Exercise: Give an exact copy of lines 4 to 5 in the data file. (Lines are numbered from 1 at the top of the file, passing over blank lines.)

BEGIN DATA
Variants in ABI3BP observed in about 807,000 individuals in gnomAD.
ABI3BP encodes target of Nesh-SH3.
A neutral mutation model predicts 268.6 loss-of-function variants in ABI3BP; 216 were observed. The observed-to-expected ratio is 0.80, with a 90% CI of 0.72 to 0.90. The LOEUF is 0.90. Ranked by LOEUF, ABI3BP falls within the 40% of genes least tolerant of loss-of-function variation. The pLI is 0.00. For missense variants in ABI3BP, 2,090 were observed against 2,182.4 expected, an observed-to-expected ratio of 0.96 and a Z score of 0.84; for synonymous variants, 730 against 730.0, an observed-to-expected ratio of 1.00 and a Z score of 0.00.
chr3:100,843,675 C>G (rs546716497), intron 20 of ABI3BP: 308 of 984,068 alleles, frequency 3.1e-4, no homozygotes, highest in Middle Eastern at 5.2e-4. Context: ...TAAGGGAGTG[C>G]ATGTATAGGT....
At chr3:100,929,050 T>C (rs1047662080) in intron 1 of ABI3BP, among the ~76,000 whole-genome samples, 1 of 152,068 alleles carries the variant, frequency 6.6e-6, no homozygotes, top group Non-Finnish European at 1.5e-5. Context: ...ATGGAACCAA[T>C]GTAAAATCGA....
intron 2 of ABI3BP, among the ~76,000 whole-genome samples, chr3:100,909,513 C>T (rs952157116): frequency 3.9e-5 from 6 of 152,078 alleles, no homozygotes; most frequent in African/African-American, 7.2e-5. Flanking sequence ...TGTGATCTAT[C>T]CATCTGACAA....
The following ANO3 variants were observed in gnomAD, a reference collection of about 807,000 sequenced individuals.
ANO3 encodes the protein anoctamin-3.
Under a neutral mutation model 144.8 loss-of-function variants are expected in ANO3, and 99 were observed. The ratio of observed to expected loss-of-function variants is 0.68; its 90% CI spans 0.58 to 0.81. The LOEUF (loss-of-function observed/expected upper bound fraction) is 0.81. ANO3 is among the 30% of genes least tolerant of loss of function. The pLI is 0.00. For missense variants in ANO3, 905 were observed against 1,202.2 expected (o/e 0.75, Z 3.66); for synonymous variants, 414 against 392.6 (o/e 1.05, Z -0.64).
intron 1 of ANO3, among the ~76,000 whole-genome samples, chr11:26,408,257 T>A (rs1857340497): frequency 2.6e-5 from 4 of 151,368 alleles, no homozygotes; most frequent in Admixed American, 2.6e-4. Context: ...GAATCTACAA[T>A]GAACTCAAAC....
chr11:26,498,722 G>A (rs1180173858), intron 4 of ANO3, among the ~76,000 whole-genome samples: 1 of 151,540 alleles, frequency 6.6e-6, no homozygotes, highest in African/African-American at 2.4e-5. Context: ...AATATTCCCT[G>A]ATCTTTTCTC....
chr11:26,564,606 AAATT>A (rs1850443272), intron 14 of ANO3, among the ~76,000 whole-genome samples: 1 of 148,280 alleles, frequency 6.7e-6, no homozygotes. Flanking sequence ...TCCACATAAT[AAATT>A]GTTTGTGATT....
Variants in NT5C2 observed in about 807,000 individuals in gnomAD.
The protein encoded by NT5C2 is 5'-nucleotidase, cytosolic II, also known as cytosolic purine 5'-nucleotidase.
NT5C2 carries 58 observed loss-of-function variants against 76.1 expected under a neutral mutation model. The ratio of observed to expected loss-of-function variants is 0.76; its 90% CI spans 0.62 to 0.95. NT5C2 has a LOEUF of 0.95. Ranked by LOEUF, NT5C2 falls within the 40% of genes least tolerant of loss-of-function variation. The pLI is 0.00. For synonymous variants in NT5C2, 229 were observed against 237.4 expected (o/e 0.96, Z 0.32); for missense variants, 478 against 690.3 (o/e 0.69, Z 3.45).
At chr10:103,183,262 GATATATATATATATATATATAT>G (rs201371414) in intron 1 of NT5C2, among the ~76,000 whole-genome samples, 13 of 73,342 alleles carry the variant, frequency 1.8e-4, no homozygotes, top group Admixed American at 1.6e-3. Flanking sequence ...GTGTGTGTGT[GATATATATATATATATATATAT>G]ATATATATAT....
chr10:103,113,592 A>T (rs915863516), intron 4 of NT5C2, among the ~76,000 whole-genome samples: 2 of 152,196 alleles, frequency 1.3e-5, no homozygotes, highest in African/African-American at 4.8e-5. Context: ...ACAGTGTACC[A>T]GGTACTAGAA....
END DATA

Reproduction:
chr3:100,843,675 C>G (rs546716497), intron 20 of ABI3BP: 308 of 984,068 alleles, frequency 3.1e-4, no homozygotes, highest in Middle Eastern at 5.2e-4. Context: ...TAAGGGAGTG[C>G]ATGTATAGGT....
At chr3:100,929,050 T>C (rs1047662080) in intron 1 of ABI3BP, among the ~76,000 whole-genome samples, 1 of 152,068 alleles carries the variant, frequency 6.6e-6, no homozygotes, top group Non-Finnish European at 1.5e-5. Context: ...ATGGAACCAA[T>C]GTAAAATCGA....